Thursday, 17 January 2013
A dog's bag for the beach
All dogs need to pack a bag for the beach, says Sam Taylor
By Sam TaylorTaking a dog for a walk on the beach has to be one of the most organically enjoyable experiences there is; assuming you are a dog lover, of course. Taking your dog out on a boat in a high tide is considerably more stressful but several of the fishermen who work the local fleet do just that. There is a strange voodoo relationship between the men in oilskins and their faithful (sure-footed) friends.
In the 1890s, the three-quartermile stretch of pebbly beach between Hastings Pier and the Lifeboat House was packed with entertainers and hawkers, the most popular of which were the fortunetelling dogs. Presumably trained to respond to key words, these ‘psychic pups’ cast spells on the thousands of visitors flooding the stalls. The fishermen themselves were not immune and frequently consulted them as to the likelihood of a good catch or a fateful storm.
For the dogs’ owners, theirs was easy money. The sea attracts a whole raft of superstitions, from the belief that stepping on the gang plank with your left foot first will cause a shipwreck to the idea that a woman onboard spells disaster. However, should such a calamity happen, and she gives birth, any boy born will be forever known as a ‘son of a gun’ as the safest place to deliver is on the gun deck, apparently.
The young cuttlefish fisherman who goes out accompanied by his perky little spaniel has chosen to ignore the one about bad luck coming if a dog is seen near fishing tackle. She is a feisty little thing and if my terriers, Duffle and Lady Sweetie, dare stray towards her master’s intricately woven net pots, she lets them have it. Quite right, too. I would like to think that she is a Sussex spaniel, one of the oldest breeds in England and first bred in Hastings in the late 18th century, but I suspect she is a cocker, as there are so few Sussexes around – at the end of the Second World War, only five remained. She is certainly lucky. Her place on the shingle is assured but the rest of the dogs promenading the foreshore are under siege.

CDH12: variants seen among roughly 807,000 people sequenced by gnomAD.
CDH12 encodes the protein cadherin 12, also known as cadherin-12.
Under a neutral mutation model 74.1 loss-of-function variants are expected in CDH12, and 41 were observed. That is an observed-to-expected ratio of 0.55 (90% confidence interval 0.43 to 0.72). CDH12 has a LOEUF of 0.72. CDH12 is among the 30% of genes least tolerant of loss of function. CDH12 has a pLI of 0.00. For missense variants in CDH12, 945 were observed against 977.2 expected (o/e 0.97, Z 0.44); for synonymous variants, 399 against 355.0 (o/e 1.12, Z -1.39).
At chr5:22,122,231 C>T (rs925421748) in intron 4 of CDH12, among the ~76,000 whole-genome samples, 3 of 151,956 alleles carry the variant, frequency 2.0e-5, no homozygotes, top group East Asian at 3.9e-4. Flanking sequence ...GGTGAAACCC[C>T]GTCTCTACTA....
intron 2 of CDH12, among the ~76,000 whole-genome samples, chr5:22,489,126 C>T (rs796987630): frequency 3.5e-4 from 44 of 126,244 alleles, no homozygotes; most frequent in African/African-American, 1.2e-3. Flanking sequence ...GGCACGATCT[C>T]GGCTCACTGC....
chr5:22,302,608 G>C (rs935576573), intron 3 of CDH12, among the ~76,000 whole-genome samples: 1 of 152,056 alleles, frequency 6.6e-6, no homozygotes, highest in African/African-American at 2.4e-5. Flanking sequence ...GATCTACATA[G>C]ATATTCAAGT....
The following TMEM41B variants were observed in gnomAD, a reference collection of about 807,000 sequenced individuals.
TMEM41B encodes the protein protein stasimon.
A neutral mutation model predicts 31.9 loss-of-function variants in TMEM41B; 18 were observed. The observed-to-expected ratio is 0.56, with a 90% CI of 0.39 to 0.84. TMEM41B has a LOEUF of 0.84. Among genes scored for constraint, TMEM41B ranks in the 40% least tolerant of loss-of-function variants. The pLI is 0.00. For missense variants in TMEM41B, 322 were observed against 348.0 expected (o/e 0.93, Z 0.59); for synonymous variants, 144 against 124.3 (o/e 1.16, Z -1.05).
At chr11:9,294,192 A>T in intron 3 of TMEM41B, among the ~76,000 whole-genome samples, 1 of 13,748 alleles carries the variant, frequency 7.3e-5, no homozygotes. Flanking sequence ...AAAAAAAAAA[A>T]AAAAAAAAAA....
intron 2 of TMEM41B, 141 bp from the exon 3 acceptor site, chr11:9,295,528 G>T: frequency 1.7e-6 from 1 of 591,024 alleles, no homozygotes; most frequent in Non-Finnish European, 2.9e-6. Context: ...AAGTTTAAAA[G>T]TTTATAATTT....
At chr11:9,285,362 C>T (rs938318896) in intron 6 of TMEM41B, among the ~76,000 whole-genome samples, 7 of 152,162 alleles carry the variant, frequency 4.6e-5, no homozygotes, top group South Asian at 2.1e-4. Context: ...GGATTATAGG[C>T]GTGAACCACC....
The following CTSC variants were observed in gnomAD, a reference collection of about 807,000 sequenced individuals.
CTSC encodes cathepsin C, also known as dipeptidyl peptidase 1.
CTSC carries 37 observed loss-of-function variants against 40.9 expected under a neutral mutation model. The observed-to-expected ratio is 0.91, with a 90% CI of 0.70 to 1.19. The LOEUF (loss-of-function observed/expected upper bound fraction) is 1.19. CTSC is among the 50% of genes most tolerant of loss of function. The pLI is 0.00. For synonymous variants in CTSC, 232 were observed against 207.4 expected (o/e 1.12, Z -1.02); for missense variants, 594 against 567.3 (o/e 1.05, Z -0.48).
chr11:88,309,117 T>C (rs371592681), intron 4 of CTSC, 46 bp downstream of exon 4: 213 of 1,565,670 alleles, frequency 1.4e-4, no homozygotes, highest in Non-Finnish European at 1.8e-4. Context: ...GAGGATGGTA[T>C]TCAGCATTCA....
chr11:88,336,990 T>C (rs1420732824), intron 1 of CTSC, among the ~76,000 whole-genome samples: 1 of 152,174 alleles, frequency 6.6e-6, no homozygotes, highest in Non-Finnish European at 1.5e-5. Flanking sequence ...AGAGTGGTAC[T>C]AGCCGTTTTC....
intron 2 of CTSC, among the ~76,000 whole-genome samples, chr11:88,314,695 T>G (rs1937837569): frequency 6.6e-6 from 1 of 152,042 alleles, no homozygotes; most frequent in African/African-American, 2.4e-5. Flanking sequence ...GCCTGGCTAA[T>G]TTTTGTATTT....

Unlike many beaches that are off limits from March to September, in Hastings it is still possible to walk them in high summer as long as you stick to the south side of the harbour wall: ie, the fishing-fleet side. But increasingly, the rights of dog walkers to roam our beaches are being eroded. The clamour for a blue flag is often the cause, but so too is the refusal of some owners to pack a few plastic bags. Hastings council is encouraging people to challenge and report ‘mess’ makers. Hopefully they will be shamed out of their bad habits. As the saying goes: You don’t get bad dogs, just bad owners.
Next week: Chaise longing…
Daily tip from the lady archive
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